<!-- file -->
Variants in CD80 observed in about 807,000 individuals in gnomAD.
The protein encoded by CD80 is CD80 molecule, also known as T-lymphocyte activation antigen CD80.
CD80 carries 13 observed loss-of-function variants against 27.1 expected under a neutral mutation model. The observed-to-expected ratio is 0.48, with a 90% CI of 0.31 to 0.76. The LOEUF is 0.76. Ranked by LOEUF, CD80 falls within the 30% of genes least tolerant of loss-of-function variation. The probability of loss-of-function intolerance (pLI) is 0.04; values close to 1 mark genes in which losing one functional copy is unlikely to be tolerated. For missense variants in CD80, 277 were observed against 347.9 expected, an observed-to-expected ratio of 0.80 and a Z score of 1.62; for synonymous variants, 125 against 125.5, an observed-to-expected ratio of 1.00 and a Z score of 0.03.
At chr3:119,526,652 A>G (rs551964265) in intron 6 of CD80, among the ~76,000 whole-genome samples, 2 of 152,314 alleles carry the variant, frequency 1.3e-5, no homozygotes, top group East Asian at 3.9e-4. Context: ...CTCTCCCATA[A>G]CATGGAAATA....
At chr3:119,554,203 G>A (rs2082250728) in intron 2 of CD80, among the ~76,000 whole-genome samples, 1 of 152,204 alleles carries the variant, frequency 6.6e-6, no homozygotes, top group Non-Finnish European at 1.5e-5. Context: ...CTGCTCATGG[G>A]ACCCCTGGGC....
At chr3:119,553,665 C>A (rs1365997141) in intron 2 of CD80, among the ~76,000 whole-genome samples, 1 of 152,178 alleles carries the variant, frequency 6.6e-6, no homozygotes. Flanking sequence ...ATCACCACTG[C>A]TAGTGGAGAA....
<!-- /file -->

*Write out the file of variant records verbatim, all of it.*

Variants in CD80 observed in about 807,000 individuals in gnomAD.
The protein encoded by CD80 is CD80 molecule, also known as T-lymphocyte activation antigen CD80.
CD80 carries 13 observed loss-of-function variants against 27.1 expected under a neutral mutation model. The observed-to-expected ratio is 0.48, with a 90% CI of 0.31 to 0.76. The LOEUF is 0.76. Ranked by LOEUF, CD80 falls within the 30% of genes least tolerant of loss-of-function variation. The probability of loss-of-function intolerance (pLI) is 0.04; values close to 1 mark genes in which losing one functional copy is unlikely to be tolerated. For missense variants in CD80, 277 were observed against 347.9 expected, an observed-to-expected ratio of 0.80 and a Z score of 1.62; for synonymous variants, 125 against 125.5, an observed-to-expected ratio of 1.00 and a Z score of 0.03.
At chr3:119,526,652 A>G (rs551964265) in intron 6 of CD80, among the ~76,000 whole-genome samples, 2 of 152,314 alleles carry the variant, frequency 1.3e-5, no homozygotes, top group East Asian at 3.9e-4. Context: ...CTCTCCCATA[A>G]CATGGAAATA....
At chr3:119,554,203 G>A (rs2082250728) in intron 2 of CD80, among the ~76,000 whole-genome samples, 1 of 152,204 alleles carries the variant, frequency 6.6e-6, no homozygotes, top group Non-Finnish European at 1.5e-5. Context: ...CTGCTCATGG[G>A]ACCCCTGGGC....
At chr3:119,553,665 C>A (rs1365997141) in intron 2 of CD80, among the ~76,000 whole-genome samples, 1 of 152,178 alleles carries the variant, frequency 6.6e-6, no homozygotes. Flanking sequence ...ATCACCACTG[C>A]TAGTGGAGAA....